We'll admit: this Reine de Chypre by Fromental Halévy is probably not the unfairly-overlooked work of commanding genius for which the lyrical world has been waiting for fifty years… But it would still be a shame to miss it, especially when performed by such a line-up, with Véronique Gens, Cyrille Dubois and Etienne Dupuis at the top of the bill. And after all, the score is full of vocal marvels and very original ensembles; but it is rather in the orchestration – which is not much more adventurous than that of any other piece of Italian bel canto of the era – that Halévy has taken it easy. The melodic richness was pointed out in an article in the Revue et gazette musicale in April 1842: "In the Reine de Chypre, Halévy's new style is on display with more dash, and more success. I have had occasion to point out the preconditions, as I see them, of the production of a good opera, by pointing out the obstacles which stand in the way of meeting these conditions fully and in good time, whether by the poet or the composer. When these conditions are met, it is an event of great importance for the world of art. Now, in the present case, circumstances have conspired in the performance of a work which, as even the most exacting critic must admit, possesses all the qualities which constitute a good opera. (…) The composer has put all the enchantment of his art into the duet that breathes the sentiments that enrapture them. The dark cloth on which these two charming figures are drawn shows through even in those songs which are so sparkling and alive with happiness, like a sinister cloud, and lends them a particular character of melancholy intrigue. There is no equal, in nobility or in grace, of the magnificent melody of the final part of this duet." The article continues in this vein. The byline? One Richard Wagner… © SM/Qobuz
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Classical - Released May 4, 2018 | Herisson

Distinctions 5 de Diapason
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Symphonies - Released May 4, 2018 | CPO

Booklet Distinctions 5 de Diapason
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Classical - Released May 4, 2018 | CPO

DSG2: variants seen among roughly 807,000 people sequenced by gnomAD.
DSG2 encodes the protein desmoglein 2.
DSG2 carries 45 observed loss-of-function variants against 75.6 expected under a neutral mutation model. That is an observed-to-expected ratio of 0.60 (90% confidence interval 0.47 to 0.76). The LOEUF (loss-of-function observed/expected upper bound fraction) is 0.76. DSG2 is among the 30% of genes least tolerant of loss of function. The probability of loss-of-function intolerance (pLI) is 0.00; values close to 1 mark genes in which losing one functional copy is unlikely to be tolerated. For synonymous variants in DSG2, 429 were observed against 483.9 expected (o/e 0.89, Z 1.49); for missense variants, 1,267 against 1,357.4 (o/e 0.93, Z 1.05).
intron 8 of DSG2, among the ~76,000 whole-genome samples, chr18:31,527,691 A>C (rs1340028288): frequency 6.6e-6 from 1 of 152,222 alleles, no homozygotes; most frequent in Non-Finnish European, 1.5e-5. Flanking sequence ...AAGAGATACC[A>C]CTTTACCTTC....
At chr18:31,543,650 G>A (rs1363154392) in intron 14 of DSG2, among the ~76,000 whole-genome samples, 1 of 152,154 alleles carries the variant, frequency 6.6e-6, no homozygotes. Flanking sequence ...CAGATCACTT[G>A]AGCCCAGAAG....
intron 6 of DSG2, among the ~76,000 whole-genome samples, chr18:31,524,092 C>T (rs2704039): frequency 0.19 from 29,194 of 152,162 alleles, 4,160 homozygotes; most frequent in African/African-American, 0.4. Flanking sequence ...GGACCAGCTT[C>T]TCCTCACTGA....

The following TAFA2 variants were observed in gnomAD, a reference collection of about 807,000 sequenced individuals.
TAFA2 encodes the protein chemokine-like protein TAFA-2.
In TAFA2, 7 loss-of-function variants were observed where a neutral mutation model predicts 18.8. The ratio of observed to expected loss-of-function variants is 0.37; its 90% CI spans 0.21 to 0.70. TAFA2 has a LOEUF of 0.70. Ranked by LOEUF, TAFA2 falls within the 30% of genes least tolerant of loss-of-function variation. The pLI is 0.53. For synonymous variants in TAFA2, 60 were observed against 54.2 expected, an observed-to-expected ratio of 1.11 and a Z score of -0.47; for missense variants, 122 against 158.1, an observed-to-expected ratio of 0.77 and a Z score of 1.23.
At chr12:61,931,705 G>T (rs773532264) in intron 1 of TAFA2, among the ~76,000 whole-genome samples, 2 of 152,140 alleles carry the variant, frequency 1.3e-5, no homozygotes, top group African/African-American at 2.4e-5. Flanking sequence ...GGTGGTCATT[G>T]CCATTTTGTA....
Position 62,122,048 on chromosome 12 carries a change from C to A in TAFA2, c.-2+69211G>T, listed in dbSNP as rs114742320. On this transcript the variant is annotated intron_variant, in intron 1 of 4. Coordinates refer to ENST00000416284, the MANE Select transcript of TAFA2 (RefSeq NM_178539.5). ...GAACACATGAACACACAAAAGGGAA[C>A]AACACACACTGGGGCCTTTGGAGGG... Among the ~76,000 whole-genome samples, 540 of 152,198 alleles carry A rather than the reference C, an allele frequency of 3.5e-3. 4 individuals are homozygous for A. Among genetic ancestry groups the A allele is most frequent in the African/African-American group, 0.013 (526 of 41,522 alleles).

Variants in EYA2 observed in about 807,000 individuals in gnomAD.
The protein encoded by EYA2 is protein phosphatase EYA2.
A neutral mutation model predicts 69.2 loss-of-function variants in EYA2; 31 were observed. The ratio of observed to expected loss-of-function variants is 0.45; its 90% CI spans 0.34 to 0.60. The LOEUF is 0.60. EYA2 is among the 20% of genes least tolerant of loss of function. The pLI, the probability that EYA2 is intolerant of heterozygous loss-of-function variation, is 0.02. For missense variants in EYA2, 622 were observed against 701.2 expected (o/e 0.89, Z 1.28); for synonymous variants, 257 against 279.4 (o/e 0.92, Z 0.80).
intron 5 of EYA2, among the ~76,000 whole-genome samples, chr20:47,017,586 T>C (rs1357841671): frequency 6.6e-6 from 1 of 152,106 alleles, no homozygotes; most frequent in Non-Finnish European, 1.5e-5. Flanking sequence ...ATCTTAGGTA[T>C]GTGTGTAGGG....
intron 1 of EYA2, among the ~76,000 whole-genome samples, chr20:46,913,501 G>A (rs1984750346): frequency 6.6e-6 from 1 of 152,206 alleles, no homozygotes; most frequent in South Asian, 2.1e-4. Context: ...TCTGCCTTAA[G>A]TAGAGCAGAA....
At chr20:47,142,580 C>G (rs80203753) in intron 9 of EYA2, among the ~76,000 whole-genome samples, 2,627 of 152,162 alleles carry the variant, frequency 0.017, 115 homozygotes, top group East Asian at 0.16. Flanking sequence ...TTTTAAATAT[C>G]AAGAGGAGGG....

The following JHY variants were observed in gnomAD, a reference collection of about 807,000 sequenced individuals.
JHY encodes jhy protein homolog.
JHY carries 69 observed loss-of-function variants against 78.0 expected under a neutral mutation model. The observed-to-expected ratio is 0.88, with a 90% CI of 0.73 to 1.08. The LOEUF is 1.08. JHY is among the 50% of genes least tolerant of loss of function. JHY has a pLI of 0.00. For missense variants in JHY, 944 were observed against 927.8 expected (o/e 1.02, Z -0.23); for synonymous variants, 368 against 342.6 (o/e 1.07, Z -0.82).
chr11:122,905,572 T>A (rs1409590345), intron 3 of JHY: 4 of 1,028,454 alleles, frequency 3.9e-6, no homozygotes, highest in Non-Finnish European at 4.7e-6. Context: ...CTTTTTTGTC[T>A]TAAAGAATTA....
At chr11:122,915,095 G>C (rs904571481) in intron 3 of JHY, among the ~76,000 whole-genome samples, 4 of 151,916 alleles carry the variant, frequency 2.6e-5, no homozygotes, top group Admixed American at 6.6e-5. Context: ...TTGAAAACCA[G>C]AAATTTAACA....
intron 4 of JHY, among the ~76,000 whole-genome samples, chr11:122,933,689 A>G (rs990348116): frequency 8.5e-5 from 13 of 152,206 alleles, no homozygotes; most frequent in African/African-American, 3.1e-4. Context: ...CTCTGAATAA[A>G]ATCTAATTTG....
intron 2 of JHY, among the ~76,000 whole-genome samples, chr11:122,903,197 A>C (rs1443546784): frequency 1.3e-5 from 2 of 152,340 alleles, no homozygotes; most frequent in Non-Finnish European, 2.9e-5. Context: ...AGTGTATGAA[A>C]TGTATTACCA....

Booklet Distinctions 5 de Diapason
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Classical - Released May 4, 2018 | CPO

Booklet Distinctions 5 de Diapason
A mere sixty to eighty years before the most famous St Matthew Passion of all − Bach’s −, there were already quite a few (in vernacular language of course), by composers such as Selle, Flor, Furchtheim, Funcke and our subject of interest, Johann Sebastiani (1622-1683). His was written in 1663 for the Königsberg Cathedral, of which he had just been named Kantor, a position he held – as well as that of Kapellmeister for the court – almost until his death. The result is stylistically far, very far from Schütz’ austere Passion (virtually contemporary), as for instance Sebastiani, drawing from most contemporary Italian sources – the Roman, Venetian and Neapolitan opera and oratorio – unfolded a proper lyrical drama in which the recitatives, woven into the main discourse, are systematically accompanied by a rich instrumental polyphony rather than a simple continuo. Sebastiani’s Passion is without a doubt his most important work, and even in his time, was performed, published and broadcasted throughout Prussia. The orchestral accompaniment is entrusted to a great polyphonic ensemble of violas for the written part, while the composer himself, in the preface, specifies that continuous must be given to the largest possible number of instruments: positive organ, spinet, harpsichord, lute, theorbos. An instrumental richness that the Boston Early Music Festival ensemble perfectly gathers with vocalists taking their narrative roles to heart, as well as the dramatic and human content of the text they’ve been entrusted with. No doubt a wonderful discovery for many music lovers who possibly ignored the existence of this major baroque composer, from whom, unfortunately, most manuscripts were lost in World War II air raids that left Königsberg in ruins. © SM/Qobuz